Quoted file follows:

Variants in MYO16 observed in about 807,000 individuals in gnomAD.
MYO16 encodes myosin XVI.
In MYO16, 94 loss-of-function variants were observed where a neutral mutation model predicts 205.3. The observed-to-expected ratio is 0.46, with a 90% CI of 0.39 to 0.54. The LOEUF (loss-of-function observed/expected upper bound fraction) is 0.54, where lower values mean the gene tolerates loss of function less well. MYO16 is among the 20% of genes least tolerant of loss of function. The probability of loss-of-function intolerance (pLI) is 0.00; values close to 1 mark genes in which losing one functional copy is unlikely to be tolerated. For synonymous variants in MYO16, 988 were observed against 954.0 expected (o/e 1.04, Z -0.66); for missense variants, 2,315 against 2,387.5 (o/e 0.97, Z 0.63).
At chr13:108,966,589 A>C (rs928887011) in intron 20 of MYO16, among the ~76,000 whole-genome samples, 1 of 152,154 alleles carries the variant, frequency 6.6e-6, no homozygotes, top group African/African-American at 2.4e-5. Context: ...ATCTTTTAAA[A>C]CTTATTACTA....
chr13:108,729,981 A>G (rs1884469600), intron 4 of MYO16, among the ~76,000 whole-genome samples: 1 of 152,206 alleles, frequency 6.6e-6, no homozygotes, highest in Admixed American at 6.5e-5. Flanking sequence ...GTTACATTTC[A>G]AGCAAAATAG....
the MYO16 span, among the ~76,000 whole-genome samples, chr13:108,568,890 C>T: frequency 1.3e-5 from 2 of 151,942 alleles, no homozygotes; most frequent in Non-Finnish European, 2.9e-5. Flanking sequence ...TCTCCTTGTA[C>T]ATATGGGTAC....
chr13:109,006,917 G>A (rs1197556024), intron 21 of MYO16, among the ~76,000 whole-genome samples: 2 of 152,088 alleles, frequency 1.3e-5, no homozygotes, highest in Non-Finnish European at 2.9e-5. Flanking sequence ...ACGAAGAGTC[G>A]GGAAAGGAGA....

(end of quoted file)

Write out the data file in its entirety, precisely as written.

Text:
Variants in MYO16 observed in about 807,000 individuals in gnomAD.
MYO16 encodes myosin XVI.
In MYO16, 94 loss-of-function variants were observed where a neutral mutation model predicts 205.3. The observed-to-expected ratio is 0.46, with a 90% CI of 0.39 to 0.54. The LOEUF (loss-of-function observed/expected upper bound fraction) is 0.54, where lower values mean the gene tolerates loss of function less well. MYO16 is among the 20% of genes least tolerant of loss of function. The probability of loss-of-function intolerance (pLI) is 0.00; values close to 1 mark genes in which losing one functional copy is unlikely to be tolerated. For synonymous variants in MYO16, 988 were observed against 954.0 expected (o/e 1.04, Z -0.66); for missense variants, 2,315 against 2,387.5 (o/e 0.97, Z 0.63).
At chr13:108,966,589 A>C (rs928887011) in intron 20 of MYO16, among the ~76,000 whole-genome samples, 1 of 152,154 alleles carries the variant, frequency 6.6e-6, no homozygotes, top group African/African-American at 2.4e-5. Context: ...ATCTTTTAAA[A>C]CTTATTACTA....
chr13:108,729,981 A>G (rs1884469600), intron 4 of MYO16, among the ~76,000 whole-genome samples: 1 of 152,206 alleles, frequency 6.6e-6, no homozygotes, highest in Admixed American at 6.5e-5. Flanking sequence ...GTTACATTTC[A>G]AGCAAAATAG....
the MYO16 span, among the ~76,000 whole-genome samples, chr13:108,568,890 C>T: frequency 1.3e-5 from 2 of 151,942 alleles, no homozygotes; most frequent in Non-Finnish European, 2.9e-5. Flanking sequence ...TCTCCTTGTA[C>T]ATATGGGTAC....
chr13:109,006,917 G>A (rs1197556024), intron 21 of MYO16, among the ~76,000 whole-genome samples: 2 of 152,088 alleles, frequency 1.3e-5, no homozygotes, highest in Non-Finnish European at 2.9e-5. Flanking sequence ...ACGAAGAGTC[G>A]GGAAAGGAGA....